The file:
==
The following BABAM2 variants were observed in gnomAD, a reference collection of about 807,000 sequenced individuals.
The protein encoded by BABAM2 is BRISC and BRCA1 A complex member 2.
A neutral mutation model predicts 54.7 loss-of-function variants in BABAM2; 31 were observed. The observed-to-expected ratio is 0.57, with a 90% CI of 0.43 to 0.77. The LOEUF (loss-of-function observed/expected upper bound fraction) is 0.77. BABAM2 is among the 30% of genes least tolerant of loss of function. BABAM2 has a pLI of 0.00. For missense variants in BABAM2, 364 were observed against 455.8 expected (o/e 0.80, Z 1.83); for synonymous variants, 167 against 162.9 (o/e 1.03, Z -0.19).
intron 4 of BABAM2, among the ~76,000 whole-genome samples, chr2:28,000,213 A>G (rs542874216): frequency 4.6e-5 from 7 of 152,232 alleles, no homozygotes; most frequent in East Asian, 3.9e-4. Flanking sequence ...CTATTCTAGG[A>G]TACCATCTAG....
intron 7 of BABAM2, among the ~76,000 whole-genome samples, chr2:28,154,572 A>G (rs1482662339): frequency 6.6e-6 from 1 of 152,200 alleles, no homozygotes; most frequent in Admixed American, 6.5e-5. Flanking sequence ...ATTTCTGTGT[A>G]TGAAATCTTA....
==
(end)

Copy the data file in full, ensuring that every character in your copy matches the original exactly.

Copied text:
The following BABAM2 variants were observed in gnomAD, a reference collection of about 807,000 sequenced individuals.
The protein encoded by BABAM2 is BRISC and BRCA1 A complex member 2.
A neutral mutation model predicts 54.7 loss-of-function variants in BABAM2; 31 were observed. The observed-to-expected ratio is 0.57, with a 90% CI of 0.43 to 0.77. The LOEUF (loss-of-function observed/expected upper bound fraction) is 0.77. BABAM2 is among the 30% of genes least tolerant of loss of function. BABAM2 has a pLI of 0.00. For missense variants in BABAM2, 364 were observed against 455.8 expected (o/e 0.80, Z 1.83); for synonymous variants, 167 against 162.9 (o/e 1.03, Z -0.19).
intron 4 of BABAM2, among the ~76,000 whole-genome samples, chr2:28,000,213 A>G (rs542874216): frequency 4.6e-5 from 7 of 152,232 alleles, no homozygotes; most frequent in East Asian, 3.9e-4. Flanking sequence ...CTATTCTAGG[A>G]TACCATCTAG....
intron 7 of BABAM2, among the ~76,000 whole-genome samples, chr2:28,154,572 A>G (rs1482662339): frequency 6.6e-6 from 1 of 152,200 alleles, no homozygotes; most frequent in Admixed American, 6.5e-5. Flanking sequence ...ATTTCTGTGT[A>G]TGAAATCTTA....